A few days late, but here are a selection of articles celebrating the bicentenary of Emily Brontë, whose singular 1847 novel Wuthering Heights took the architexts of the Gothic novel and added new psychological depth. It also lay the foundations for such later transformations of the Gothic as Gothic Romance of Daphne du Maurier and her followers and then, arguably, paranormal romance.

Helen Small, ‘Celebrating Emily Brontë

Clare Pettitt, ‘Emily Brontë’s fierce, flawed women: not your usual Gothic female characters

Sophie Alexandra Frazer, ‘Why Emily Brontë’s Wuthering Heights is a cult classic

Carolina Ciucci, ‘The community of Emily Brontë’s and the ever present appeal of Wuthering Heights

And, on the film adaptations and musical legacy of Wuthering Heights, ‘Emily Brontë at 200: How Kate Bush brought the author’s Gothic romance Wuthering Heights to life

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CFPs: Dracula, vampires, zombies, otherness

Quite a few CFPs here:

  1. Better rush for this one–deadline tomorrow, 15 August:
    A Cross-Platform Dracula Conference, 17-19 October 2018, Brasov

Our aim is to present groundbreaking research on Bram Stoker, his novel Dracula and related topics on a bi-annual basis.

2. Calling all Vampire Scholars
17-20 April 2018; deadline 1 October 2018

The co-chairs of the PCA/ACA Vampire Studies area are soliciting papers, presentations, panels and roundtable discussions which cover any aspect of the Vampire for the Annual National Joint Popular Culture Association/American Culture Association Conference to be held in Washington, DC from April 17-20, 2019.
We are particularly interested in papers, presentations, and panels that cover:
✓ The vampire on television (i.e. The Vampire Diaries, The Originals, The Strain)
✓ Recent vampire films, such as Byzantium, Only Lovers Left Alive, What We Do in the Shadows, and A Girl Walks Home Alone at Night
✓ Fan studies and vampires
✓ Vampire lifestyles and subculture (including Vampire RPGs or other gaming universes)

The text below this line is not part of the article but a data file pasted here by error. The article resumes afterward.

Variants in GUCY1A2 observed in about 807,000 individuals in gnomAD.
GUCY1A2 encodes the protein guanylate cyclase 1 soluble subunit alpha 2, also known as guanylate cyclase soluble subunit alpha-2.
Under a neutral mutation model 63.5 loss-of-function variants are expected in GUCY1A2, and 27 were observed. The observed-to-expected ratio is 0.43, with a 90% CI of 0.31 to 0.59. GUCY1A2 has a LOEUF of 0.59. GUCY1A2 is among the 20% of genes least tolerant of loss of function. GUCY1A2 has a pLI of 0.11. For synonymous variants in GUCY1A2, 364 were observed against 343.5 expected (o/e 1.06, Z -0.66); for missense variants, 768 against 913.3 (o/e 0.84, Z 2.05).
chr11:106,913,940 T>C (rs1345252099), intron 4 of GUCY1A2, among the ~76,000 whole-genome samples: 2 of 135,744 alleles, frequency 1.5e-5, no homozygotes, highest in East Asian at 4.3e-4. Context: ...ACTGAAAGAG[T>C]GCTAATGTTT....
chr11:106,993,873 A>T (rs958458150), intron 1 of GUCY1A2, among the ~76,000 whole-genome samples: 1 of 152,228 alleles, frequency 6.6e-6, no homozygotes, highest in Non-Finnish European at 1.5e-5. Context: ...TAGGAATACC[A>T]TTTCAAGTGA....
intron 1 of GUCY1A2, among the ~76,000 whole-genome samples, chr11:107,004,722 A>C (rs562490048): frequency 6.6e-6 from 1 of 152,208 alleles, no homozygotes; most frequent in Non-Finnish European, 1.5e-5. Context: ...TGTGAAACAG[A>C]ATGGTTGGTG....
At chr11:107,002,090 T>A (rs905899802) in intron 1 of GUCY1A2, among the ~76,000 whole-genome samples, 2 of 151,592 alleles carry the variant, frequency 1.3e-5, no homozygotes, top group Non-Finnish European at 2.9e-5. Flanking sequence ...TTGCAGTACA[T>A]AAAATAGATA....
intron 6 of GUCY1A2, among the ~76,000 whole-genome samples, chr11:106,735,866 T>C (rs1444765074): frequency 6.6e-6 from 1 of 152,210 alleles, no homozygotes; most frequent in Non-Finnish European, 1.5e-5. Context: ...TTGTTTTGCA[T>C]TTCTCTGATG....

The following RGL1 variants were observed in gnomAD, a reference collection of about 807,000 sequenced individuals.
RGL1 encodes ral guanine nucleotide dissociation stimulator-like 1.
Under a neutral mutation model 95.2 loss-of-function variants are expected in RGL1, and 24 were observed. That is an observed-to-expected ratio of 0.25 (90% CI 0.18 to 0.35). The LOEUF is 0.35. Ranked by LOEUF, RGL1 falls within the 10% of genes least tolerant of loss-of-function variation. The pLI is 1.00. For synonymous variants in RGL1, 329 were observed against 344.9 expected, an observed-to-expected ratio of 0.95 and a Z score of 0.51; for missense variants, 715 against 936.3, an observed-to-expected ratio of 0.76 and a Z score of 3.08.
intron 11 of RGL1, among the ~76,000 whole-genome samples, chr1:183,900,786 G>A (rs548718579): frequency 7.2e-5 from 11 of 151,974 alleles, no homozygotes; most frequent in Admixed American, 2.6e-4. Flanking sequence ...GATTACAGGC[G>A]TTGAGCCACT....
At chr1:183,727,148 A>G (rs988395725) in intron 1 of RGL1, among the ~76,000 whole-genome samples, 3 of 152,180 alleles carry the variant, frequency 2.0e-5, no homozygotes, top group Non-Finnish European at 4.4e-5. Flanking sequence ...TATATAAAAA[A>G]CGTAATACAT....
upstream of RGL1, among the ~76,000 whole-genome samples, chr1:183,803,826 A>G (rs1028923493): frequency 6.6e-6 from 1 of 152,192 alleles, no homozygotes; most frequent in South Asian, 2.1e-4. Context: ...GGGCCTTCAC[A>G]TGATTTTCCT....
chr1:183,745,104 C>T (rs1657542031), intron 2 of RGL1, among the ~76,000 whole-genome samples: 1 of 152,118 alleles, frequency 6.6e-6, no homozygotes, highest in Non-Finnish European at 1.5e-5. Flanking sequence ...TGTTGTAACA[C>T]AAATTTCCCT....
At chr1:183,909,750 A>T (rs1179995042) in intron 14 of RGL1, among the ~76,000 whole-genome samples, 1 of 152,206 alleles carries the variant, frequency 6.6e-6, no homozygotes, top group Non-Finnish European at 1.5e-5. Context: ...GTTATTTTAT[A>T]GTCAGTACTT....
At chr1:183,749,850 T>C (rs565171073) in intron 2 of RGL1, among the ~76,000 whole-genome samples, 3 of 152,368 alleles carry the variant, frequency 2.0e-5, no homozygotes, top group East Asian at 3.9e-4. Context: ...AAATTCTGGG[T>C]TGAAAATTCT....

✓ Vampires and erotica
✓ The international vampire
✓ Genres such as gothic horror, urban fantasy, steampunk, young adult
✓ The fraught relationship between vampires and werewolves (and/or other monstrous beings)
✓ Teaching with vampires
✓ The glorious return of the Vampire Lestat and the legacy of Anne Rice
✓ The 20th anniversary of the premiere of Angel
✓ The 200th anniversary of the publication of John Polidori’sThe Vampyre
And anything and everything in between!

Visit past programs of the PCA/ACA conference at www.pcaaca.org to see what has been covered during recent conferences.
To have your proposal/abstract considered for presentation, please submit your proposal/abstract of approximately 250 words at https://pcaaca.org/conference/2019 Complete panel proposals of 3-4 people are also welcomed, as are proposals for roundtable discussions with two or more featured speakers and a moderator. Proposal deadline is October 1, 2018.
If you have questions, contact us at pcavampires@gmail.com. Also follow us on Twitter @pca_vampires or join our Facebook group Vampire Scholars.

3. Theorizing Zombiism Conference, University College Dublin, 25-27 July 2019
Deadline 1 September 2018

The evolution of the zombie narrative in both culture and academics indicates its adaptability and viability as a distinct framework for critical theory. This conference aims to investigate the possibility of developing a singular theoretical framework to evaluate culture and society through the zombie narrative trope (potentially consolidated in a published volume). Contributors are encouraged to provide discipline specific, and interdisciplinary, examinations of the zombie with the purpose of formulating an overall theoretical structure of Zombiism.

4. Call for Articles for: Otherness: Essays and Studies 7.1; deadline 28 September 2018.
Ideal space for those who participated in the OGOM/Supernatural Cities Urban Weird conference!

The peer-reviewed e-journal Otherness: Essays and Studies is now accepting submissions for a special issue, forthcoming Spring 2019 – ‘Otherness and the Urban’

Edited by Maria Beville, this issue seeks to publish research articles from and across different scholarly disciplines that examine, in as many ways as possible, the concepts of otherness and alterity as these relate to the experience and representation of the city.

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The Monsters We Deserve Tuesday 4th September

To celebrate the publication of The Monsters We Deserve, a fascinating reappraisal of Mary Shelley’s Frankenstein, 

Marcus Sedgwick and Dr Sam George go head to head in the gothic battle of the books

 Frankenstein versus Dracula

Chaired by writer, editor and translator Daniel Hahn.

Venue: Conway Hall, 25 Red Lion Square, London, WC1R 4RL

Tuesday 4th September. Doors Open at 6.30.

Tickets are available online via Newham Bookshop  

Ticket only 5.00; Ticket and book 15.00

Do monsters always stay in the book where they were born? Are they content to live out their lives on paper, and never step foot into the real world?

Published in 1818, Shelley’s Frankenstein is one of the most influential tales of all time. Two hundred years later, in a remote mountain house, high in the French Alps, an author broods on that creation. Reality and perception merge, fuelled by poisoned thoughts.

People make monsters, but who really creates who in the end?

Hope to see lots of OGOM folks there!